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High Country News May 28, 2012


The fading Arizona town of Gila Bend bets big on solar

At last -- a place to put utility scale plants that won't ruin the desert. But will politics and the economy get in the way?


Conservation agreements try to head off endangered species listings

Candidate conservation agreements try to keep rare species, like Colorado's Gunnison sage grouse, off the endangered species list, or at least healthy enough to lessen the restrictions that come with listing.

Dead trees, biodiversity, and the black-backed woodpecker

Forests ravaged by fires and beetles are unlikely havens for certain species, including the rare black-backed woodpecker.

Secretly funded Montana sportsmen dive into political fray

The group Montana Hunters and Anglers Action is wielding its cash to help pro-conservation candidates win elections.

Do subdivisions designed for conservation actually help wildlife?

Conservation development is supposed to reduce the habitat fragmentation caused by exurban sprawl -- but it only works if it's done right.

Coping with two-headed fish and other effects of selenium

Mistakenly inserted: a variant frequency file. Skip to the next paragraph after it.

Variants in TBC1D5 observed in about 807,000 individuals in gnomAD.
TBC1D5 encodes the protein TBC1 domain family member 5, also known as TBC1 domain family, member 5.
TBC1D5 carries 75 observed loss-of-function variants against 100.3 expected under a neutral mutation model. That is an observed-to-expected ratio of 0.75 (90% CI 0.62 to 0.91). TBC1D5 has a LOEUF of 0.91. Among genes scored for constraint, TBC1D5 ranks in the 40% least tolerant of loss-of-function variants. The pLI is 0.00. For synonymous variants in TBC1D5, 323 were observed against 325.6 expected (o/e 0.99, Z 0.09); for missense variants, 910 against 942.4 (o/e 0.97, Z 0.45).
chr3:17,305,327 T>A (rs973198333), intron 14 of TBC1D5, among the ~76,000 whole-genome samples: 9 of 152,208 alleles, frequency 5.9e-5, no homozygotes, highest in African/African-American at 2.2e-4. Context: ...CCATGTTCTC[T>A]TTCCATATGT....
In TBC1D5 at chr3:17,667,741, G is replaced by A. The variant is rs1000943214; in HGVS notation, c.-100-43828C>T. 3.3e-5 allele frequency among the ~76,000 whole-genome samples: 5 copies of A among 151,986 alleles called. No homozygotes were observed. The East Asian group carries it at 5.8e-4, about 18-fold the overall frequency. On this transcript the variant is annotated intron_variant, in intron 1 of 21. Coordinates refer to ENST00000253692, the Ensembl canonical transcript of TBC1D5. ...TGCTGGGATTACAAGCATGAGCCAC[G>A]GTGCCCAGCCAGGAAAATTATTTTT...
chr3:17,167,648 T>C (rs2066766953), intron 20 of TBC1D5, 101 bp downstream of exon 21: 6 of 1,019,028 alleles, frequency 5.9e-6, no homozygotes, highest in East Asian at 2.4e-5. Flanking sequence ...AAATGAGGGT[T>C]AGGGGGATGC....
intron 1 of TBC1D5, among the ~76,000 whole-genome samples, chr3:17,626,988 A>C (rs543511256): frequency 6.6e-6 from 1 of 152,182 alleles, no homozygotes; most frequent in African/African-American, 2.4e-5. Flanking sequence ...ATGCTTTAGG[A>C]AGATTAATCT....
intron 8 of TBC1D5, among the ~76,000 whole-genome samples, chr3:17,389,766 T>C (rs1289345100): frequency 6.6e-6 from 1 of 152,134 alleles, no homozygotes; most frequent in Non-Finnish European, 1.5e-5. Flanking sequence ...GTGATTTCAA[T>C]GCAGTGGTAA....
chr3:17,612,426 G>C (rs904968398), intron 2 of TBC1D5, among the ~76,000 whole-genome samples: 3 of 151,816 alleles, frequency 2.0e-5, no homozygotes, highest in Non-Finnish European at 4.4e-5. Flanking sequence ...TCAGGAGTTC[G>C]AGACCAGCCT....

Researchers try to determine if unhealthy amounts of selenium are entering Western soil and water due to energy development.

Editor's Note

What's the best place for Big Solar?

Environmentalists have been too busy squabbling over proposed solar plants to pay much attention to one of the most promising sites: Gila Bend, Ariz.


Dancing with wolverines

A wolverine snuffling at your throat commands your attention, even if you're in a relatively safe enclosure at a clandestine refuge for the animals.

Dear Friends

Student visitors from near and far

HCN is visited by students of all ages; meeting Michael Branch; Stephanie Paige Ogburn is a finalist for the 2012 Livingston Awards for Young Journalists; Sierra Crane-Murdoch receives scholarship; Tony Barboza wins fellowship.

Book Reviews

In the desert, questions without answers: A review of Gods Without Men

In Gods Without Men, British novelist Hari Kunzru wanders through time and space in California's Mojave Desert.

Filling empty pages: A review of When Women Were Birds

In her latest memoir, When Women Were Birds, writer Terry Tempest Williams tries to solve the mystery of the cloth-bound journals her dying mother left her -- all of them completely blank.

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